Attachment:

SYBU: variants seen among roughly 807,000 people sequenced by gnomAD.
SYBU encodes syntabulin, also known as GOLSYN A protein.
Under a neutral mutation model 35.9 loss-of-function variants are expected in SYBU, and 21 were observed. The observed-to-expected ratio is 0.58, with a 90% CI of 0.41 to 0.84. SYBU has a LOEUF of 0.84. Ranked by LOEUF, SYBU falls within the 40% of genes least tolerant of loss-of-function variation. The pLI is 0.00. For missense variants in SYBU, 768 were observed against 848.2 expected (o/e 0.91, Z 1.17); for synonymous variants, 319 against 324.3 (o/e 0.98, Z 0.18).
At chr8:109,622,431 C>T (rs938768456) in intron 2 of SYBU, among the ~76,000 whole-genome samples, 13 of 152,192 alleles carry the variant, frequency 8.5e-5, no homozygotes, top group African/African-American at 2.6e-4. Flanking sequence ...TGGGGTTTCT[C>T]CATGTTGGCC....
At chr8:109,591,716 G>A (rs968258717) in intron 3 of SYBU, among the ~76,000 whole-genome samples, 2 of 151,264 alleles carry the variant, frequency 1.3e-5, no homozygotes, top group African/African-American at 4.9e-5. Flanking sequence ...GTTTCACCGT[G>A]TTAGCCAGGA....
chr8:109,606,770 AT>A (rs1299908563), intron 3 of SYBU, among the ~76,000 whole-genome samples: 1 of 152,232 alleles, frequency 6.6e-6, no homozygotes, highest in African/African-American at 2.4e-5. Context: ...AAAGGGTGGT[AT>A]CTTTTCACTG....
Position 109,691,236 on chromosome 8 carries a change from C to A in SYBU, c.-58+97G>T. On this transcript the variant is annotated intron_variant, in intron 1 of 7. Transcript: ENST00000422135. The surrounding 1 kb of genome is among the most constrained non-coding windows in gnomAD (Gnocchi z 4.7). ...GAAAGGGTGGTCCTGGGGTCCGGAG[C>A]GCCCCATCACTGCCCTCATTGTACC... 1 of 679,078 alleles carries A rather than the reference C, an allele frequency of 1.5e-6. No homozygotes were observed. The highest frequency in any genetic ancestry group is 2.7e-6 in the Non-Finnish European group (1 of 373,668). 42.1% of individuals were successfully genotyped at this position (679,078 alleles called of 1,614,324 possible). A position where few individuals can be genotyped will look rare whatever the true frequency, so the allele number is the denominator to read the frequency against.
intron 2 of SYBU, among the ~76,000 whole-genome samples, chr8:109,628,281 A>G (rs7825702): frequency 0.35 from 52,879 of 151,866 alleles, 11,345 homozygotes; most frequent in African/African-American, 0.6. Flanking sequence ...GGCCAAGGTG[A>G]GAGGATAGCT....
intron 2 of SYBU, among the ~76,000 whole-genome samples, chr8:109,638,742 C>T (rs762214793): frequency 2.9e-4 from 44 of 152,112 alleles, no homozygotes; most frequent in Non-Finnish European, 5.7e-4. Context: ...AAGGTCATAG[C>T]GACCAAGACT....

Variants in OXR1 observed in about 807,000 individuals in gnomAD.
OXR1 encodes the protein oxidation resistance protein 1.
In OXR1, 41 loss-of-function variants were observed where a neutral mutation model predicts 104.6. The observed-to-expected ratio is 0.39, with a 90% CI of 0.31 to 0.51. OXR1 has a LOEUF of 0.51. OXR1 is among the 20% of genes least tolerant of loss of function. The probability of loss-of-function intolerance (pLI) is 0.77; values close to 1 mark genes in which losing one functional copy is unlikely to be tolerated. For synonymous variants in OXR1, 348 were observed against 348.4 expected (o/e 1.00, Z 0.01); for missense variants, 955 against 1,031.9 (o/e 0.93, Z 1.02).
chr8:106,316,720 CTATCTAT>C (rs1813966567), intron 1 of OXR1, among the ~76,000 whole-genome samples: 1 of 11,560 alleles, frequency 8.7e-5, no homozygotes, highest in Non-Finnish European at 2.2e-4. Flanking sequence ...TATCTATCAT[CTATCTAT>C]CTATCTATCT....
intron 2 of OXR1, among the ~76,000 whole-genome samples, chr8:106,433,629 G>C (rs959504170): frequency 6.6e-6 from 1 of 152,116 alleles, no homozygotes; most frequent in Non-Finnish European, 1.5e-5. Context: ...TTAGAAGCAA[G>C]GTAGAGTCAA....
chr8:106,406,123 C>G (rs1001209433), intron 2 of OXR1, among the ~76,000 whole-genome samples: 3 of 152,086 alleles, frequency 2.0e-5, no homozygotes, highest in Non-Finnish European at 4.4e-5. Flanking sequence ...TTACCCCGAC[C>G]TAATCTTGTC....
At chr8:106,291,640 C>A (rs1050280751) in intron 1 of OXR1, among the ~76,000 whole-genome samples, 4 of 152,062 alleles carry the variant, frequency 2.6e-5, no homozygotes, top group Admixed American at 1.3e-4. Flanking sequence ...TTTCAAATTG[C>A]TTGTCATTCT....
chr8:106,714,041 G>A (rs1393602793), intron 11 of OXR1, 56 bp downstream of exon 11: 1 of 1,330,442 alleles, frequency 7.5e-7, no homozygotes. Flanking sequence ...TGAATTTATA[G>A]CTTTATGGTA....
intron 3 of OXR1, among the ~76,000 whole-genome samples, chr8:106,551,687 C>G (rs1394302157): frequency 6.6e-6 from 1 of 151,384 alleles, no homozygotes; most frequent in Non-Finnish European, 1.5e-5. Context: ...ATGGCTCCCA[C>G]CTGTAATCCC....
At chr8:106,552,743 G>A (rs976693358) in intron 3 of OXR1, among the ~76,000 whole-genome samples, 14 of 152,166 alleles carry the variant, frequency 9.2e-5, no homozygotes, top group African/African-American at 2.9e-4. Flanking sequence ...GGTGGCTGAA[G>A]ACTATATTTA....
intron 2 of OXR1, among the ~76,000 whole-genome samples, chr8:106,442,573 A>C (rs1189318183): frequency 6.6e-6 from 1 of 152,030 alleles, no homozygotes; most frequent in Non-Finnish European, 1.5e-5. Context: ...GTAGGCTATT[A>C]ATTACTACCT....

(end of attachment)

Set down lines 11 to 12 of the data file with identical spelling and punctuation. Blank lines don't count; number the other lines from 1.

OXR1 encodes the protein oxidation resistance protein 1.
In OXR1, 41 loss-of-function variants were observed where a neutral mutation model predicts 104.6. The observed-to-expected ratio is 0.39, with a 90% CI of 0.31 to 0.51. OXR1 has a LOEUF of 0.51. OXR1 is among the 20% of genes least tolerant of loss of function. The probability of loss-of-function intolerance (pLI) is 0.77; values close to 1 mark genes in which losing one functional copy is unlikely to be tolerated. For synonymous variants in OXR1, 348 were observed against 348.4 expected (o/e 1.00, Z 0.01); for missense variants, 955 against 1,031.9 (o/e 0.93, Z 1.02).